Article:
Coast: There are some places, luckily, that are still inaccessible by road. British Columbia's Central Coast is one of them. Until BC Ferries launched its Discovery Coast Passage run in the summer of 1996, the Central Coast was also largely inaccessible by water. Now, to the delight of adventurers and locals alike, from June to September the Queen of Chilliwack connects the community of Port Hardy, at the northeastern end of Vancouver Island, with Bella Coola, at the head of the North Bentinck Arm, making regular stops along the way.
For kayakers and campers, RVers and backpackers, the Discovery Coast Passage service opens up a brand-new circle tour through some of the province's most beautiful terrain. But one of the bonuses of this trip is that you needn't take a (four-wheeled) vehicle at all. Kayakers, backpackers, and cycle tourists can choose their destination, explore some territory, then reboard the ferry on a subsequent day. Planning your trip, which involves detailed study of the ferry schedule, is half the fun. As yet, the Discovery Coast Passage remains largely undiscovered.
This is a vast and isolated landscape of old growth coastal forests, ancient glaciers, ice fields and massive watersheds. Here you will find endless outdoor adventures and some of the world’s best saltwater fishing and wildlife viewing. You will find sheer cliffs of granite, sand dunes and peat bogs, wetlands and sea lion rookeries, rare and endangered plants and birds, salmon spawning rivers and hot springs in their natural state. No matter how you get here, when you arrive, you will certainly be inspired as this is truly a spectacular region offering adventures and experiences for all.
When European explorers arrived along this coast in the 18th century, it was inhabited by Natives from several cultural groups. Although hunters and gatherers like the tribes of the Interior, the coastal natives, due to their abundant food supply, were able to establish permanent villages. Their complex cultures were distinguished by an emphasis on wealth, a refined artistic tradition, and a rich spirit life. Travel along the coast was accomplished via cedar dugout canoes that could be impressive in their length. Although there's nothing more inspiring than to see one of these massive canoes in action, they are only brought out for ceremonial occasions, such as a paddle trip to Vancouver or the Olympic Peninsula in Washington. These days, aluminum-hulled, high-speed boats are the vessels of choice among all inhabitants of the coast.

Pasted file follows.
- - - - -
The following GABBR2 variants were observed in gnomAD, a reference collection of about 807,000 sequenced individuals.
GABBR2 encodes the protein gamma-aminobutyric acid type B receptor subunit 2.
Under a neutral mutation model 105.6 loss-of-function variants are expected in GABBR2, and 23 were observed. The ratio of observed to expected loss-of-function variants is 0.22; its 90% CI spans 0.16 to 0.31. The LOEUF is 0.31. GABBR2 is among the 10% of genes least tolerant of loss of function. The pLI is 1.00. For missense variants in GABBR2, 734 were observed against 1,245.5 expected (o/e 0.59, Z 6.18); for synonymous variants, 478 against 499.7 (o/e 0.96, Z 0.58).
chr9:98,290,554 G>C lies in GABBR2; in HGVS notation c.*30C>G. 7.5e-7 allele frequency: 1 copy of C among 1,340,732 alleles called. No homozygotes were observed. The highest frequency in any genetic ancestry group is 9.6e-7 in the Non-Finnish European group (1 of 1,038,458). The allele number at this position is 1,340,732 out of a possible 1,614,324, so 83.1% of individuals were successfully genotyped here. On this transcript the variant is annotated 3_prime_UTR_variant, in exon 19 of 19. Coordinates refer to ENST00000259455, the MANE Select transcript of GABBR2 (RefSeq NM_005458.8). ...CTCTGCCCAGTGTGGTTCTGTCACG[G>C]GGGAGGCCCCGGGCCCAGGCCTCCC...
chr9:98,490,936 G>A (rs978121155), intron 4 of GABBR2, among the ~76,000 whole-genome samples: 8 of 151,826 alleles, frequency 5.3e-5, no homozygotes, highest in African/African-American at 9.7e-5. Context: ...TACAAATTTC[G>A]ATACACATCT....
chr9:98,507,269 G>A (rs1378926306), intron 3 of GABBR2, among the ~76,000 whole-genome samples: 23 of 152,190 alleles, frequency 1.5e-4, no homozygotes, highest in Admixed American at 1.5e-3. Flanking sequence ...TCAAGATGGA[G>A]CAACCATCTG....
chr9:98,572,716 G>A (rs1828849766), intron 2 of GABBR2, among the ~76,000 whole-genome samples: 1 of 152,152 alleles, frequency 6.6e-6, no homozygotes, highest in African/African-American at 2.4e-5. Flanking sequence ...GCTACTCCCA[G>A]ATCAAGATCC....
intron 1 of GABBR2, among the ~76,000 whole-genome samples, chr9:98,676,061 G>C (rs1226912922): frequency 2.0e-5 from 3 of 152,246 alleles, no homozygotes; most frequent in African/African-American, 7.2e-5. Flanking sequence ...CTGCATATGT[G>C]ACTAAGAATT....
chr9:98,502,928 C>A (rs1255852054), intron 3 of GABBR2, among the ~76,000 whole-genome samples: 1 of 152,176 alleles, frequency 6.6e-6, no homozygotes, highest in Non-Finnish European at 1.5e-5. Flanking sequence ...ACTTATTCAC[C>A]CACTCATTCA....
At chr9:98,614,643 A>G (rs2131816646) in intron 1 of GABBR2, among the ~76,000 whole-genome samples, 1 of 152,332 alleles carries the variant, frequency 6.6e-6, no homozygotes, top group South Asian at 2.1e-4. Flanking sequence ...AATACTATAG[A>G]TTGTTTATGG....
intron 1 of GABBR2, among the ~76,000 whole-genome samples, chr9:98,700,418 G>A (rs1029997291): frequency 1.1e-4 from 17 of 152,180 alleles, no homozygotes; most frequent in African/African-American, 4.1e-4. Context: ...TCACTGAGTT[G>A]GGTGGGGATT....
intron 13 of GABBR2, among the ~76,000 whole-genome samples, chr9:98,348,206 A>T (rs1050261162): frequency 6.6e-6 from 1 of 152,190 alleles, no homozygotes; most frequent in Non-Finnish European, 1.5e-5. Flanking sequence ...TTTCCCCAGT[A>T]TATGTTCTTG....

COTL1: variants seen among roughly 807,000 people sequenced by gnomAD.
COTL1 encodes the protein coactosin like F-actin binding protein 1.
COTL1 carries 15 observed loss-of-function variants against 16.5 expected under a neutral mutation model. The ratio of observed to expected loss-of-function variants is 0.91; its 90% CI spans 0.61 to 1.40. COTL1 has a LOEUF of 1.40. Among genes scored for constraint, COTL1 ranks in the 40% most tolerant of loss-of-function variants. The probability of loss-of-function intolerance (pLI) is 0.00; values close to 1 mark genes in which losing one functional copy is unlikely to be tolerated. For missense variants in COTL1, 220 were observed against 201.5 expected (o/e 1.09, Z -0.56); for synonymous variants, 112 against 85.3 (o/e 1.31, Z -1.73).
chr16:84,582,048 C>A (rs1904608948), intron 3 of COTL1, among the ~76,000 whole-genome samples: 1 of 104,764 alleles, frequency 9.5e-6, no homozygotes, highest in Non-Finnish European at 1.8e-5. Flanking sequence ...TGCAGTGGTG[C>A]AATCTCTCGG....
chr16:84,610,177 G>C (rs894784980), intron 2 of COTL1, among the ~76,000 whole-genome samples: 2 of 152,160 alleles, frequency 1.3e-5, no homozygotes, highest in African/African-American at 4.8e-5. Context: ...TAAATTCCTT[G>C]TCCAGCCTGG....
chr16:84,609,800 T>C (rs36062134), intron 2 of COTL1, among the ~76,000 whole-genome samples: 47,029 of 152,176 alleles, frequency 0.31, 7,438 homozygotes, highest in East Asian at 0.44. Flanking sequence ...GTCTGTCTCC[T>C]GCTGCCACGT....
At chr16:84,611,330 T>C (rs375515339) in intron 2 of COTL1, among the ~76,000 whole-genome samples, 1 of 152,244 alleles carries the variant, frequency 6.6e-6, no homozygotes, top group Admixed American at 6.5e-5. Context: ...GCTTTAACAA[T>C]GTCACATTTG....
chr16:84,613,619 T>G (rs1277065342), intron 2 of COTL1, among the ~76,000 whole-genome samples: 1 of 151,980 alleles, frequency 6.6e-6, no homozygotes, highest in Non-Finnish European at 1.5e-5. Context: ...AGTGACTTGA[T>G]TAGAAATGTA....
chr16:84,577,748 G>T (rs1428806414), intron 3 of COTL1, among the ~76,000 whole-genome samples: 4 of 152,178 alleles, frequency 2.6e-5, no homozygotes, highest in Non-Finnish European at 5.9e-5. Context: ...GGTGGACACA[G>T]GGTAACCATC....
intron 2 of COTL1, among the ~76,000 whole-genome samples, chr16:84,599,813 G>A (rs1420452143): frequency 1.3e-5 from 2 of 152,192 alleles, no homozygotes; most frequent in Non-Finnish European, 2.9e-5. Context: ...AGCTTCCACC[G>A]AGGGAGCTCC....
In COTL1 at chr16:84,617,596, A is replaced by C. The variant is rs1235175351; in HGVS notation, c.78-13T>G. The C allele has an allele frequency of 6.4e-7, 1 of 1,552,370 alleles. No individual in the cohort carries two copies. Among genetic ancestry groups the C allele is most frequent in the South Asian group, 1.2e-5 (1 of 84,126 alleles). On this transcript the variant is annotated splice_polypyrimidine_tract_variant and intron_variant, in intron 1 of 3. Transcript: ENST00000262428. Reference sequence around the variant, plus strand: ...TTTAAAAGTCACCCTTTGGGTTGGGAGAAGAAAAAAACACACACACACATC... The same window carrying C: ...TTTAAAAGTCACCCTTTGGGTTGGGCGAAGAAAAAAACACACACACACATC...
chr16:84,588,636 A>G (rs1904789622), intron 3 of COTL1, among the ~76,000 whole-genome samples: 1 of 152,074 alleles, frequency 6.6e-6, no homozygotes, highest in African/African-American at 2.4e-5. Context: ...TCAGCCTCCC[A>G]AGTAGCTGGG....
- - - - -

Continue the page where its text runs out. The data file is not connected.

Explorers from Russia, Britain, France, and Spain converged on this coastline in the last quarter of the 18th century, motivated by trade possibilities or - in the case of Spain - a desire to protect territorial waters. Two British explorers, Captain James Cook in 1778-79 and Captain George Vancouver in 1792-93, did the most systematic charting of the coast. After an international tussle, the British eventually gained control of what would later become the coast of British Columbia. Colonization and settlement began in the 19th century, although British Columbia's Central and Northern Coast is still not heavily populated. Logging, fishing, and tourism are the primary industries, though with the decline in stocks and automation in the forest, fewer people live here now than in previous decades. After a disastrous decline in Native populations (by as much as 90 percent in some nations) that began over a century ago due to infectious diseases such as smallpox and tuberculosis, today's numbers match those of precontact times.